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For Violinists-Turned-Conductors, It's About Serving the Music

September 25, 2000|GREGORY MALDONADO | Gregory Maldonado is founder and music director of the Los Angeles Baroque Orchestra

In his article about Itzhak Perlman's conductorial debut with the L.A. Philharmonic ("Perlman Grabs the Baton," Sept. 14), music critic Mark Swed writes: "In the 17th century it was the responsibility of the leading violinist in the orchestra to keep things together." Violinists actually continued to be the directors of orchestras well into the 19th century, and it was Louis Spohr (1784-1859), composer and renowned violinist (and inventor of the "chin rest" for the violin and viola in 1822), who introduced the idea of the "modern" virtuoso conductor with a baton, first in Germany around 1815 and then in London in 1820.

So Swed is quite right in stating that "many violinists have never lost that historic connection with conducting."

For my part, being a violinist who directs an orchestra from his instrument, and who has also conducted an orchestra without violin in hand, I certainly see the desire to conduct as stemming from a perfectly organic series of events during the course of my growth as an artist.

Keeping that desire in mind while searching for that "larger interpretive vision," as Swed calls it, is what is first and foremost in my mind's eye and ear as an artist. But for whatever reason brings us to the podium to conduct, it is ultimately my goal as a musician (with all egos aside), as I believe it is Perlman's, to serve the music.

And I believe that we do serve the music. Just because neither Perlman nor I have been trained specifically to be conductors should not preclude us from being able to stand in front of an orchestra and conduct. We have had enough training and understanding of music interpretation through years of active music-making to allow for that possibility; we have the necessary insight to realize the intricacies of a score and make them come to life for an audience.

We violinists have had a rich history of predecessors who directed orchestras and have done it very admirably and skillfully. It is our "birthright" to be conductors, not part of any "tricks" or "act," as Swed would suggest.

The fact that Perlman (or any musician) wants to conduct an orchestra shouldn't be looked at as merely a "lust for power": That is too simple an explanation. For me, the appeal of wanting to be on the other side of the baton comes from something else besides pure "lust." It lies in the awe that we as humans are capable of producing such an incredible range of sounds and colors with musical instruments and with our voices. And the reality that we as musicians can intimately appreciate the sheer beauty of this musical experience through being a part of the "symphonic beast" (as Swed calls it) is what makes it all the more remarkable.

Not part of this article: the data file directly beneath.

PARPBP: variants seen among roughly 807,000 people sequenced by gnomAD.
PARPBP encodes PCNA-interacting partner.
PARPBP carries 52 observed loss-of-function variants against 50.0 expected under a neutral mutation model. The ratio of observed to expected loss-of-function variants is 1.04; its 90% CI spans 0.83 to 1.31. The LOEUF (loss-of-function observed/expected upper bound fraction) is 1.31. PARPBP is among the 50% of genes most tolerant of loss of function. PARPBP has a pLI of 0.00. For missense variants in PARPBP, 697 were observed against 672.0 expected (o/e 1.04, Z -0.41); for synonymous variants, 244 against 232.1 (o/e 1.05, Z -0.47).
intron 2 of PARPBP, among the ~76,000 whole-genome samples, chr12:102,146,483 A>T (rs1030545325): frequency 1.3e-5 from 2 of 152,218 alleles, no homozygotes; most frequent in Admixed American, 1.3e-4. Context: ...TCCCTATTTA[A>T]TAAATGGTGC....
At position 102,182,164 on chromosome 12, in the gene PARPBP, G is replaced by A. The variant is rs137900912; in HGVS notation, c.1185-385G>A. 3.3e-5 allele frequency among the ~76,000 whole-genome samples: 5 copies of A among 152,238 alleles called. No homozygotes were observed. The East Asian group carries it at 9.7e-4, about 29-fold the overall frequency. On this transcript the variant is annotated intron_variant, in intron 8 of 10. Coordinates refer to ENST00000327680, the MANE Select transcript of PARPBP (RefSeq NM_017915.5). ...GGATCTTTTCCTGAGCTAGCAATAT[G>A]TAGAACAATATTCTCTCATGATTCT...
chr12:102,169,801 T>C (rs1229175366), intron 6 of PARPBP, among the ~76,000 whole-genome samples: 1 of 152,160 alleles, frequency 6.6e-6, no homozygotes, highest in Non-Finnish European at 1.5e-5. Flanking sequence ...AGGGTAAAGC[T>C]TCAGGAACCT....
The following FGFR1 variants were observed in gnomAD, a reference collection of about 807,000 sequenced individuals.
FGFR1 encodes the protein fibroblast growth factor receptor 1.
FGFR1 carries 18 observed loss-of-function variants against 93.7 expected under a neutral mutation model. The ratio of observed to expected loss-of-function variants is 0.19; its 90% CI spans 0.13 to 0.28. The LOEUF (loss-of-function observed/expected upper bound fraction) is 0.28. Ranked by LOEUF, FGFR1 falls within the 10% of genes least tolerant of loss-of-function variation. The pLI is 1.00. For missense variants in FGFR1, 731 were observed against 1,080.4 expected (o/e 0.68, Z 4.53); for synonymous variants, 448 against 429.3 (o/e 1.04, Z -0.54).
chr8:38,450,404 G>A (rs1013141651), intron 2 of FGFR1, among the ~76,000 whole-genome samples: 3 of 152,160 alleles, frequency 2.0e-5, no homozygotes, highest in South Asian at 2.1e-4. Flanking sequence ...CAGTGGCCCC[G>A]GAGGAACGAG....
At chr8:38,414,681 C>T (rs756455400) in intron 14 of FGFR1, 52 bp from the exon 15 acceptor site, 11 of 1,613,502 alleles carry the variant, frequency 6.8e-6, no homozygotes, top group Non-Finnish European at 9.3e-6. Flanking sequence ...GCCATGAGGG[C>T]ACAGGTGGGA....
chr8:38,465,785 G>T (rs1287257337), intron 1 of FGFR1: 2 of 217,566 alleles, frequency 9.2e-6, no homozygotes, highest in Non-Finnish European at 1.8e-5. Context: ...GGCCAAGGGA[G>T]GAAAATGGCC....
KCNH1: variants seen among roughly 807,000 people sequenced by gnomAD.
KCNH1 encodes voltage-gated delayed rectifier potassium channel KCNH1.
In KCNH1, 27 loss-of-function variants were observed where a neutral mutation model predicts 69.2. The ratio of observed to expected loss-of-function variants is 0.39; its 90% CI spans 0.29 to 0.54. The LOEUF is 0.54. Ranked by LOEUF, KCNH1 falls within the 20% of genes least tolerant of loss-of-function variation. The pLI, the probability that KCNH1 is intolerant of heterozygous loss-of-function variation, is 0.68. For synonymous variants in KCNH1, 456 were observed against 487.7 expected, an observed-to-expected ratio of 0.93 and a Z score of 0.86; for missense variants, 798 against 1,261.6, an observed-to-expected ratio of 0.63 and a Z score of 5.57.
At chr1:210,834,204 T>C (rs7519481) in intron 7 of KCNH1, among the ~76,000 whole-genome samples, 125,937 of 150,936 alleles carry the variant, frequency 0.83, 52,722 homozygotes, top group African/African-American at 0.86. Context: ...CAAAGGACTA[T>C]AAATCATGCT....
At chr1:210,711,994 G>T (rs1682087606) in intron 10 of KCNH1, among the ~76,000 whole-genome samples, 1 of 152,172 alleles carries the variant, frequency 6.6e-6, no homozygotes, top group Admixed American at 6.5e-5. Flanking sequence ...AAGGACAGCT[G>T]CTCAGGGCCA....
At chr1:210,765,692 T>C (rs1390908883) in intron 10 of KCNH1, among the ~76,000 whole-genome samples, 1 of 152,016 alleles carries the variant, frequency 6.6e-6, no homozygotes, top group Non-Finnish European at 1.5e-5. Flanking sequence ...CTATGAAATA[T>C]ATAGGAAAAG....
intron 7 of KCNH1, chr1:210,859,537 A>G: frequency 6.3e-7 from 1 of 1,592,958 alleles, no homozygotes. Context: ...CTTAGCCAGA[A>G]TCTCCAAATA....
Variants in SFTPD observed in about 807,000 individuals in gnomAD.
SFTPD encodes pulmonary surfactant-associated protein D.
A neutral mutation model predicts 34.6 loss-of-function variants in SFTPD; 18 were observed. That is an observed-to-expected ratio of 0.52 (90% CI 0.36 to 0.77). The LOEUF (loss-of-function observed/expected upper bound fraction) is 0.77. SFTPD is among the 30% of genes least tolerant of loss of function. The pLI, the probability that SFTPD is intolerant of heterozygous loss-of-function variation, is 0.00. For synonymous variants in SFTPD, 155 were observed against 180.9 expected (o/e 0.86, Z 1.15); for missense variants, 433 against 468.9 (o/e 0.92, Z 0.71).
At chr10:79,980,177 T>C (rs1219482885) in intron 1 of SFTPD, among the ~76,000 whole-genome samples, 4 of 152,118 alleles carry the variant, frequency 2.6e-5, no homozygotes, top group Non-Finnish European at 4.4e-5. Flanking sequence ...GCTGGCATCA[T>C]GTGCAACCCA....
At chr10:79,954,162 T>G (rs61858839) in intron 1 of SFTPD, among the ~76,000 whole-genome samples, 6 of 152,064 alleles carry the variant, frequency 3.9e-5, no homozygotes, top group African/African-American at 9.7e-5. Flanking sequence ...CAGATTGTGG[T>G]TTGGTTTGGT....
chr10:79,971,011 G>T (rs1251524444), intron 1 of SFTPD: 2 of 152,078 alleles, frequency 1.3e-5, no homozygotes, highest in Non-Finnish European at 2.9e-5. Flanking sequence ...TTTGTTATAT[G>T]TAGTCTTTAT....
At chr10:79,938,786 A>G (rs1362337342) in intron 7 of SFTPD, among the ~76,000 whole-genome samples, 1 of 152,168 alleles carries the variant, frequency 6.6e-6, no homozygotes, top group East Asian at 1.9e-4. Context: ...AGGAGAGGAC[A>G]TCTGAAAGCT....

All critics and violinist-conductors aside, being a conductor and being in the midst of an orchestra is simply a wonderful experience and privilege for me, as I'm sure it is for Perlman or any other musician. In this experience, the walls of sound are coming at you with all the energy and weight of an unstoppable wave; there is a feeling of having the divine power of actually creating the sounds in concert with your fellow musicians and sharing them with the world as if they were being heard for the very first time.

To that end, the great Leonard Bernstein probably best summed up the conducting experience by saying: "While I'm conducting, I'm absolutely lost in the music and with my musicians; breathing with them, pulsating with them, suggesting. I can usually tell if it's been a first-class performance by the degree to which I've been lost in the music and with my colleagues, and by the sense of having composed the piece as I was conducting it."

I would like to ask Swed to have a different understanding about the unique creatures that violinists (or other instrumentalists) as conductors really are. In seeking to fulfill our artistic vision, we have evolved into being conductors through a natural process and we have embraced it with an enormous passion. It is by dedication and love of our art that we have chosen to make the conducting experience an integral part of our legacy as professional musicians. And we have a violinist who lived 300 years ago to thank for bestowing that heritage upon us. I for one will always be in his debt.


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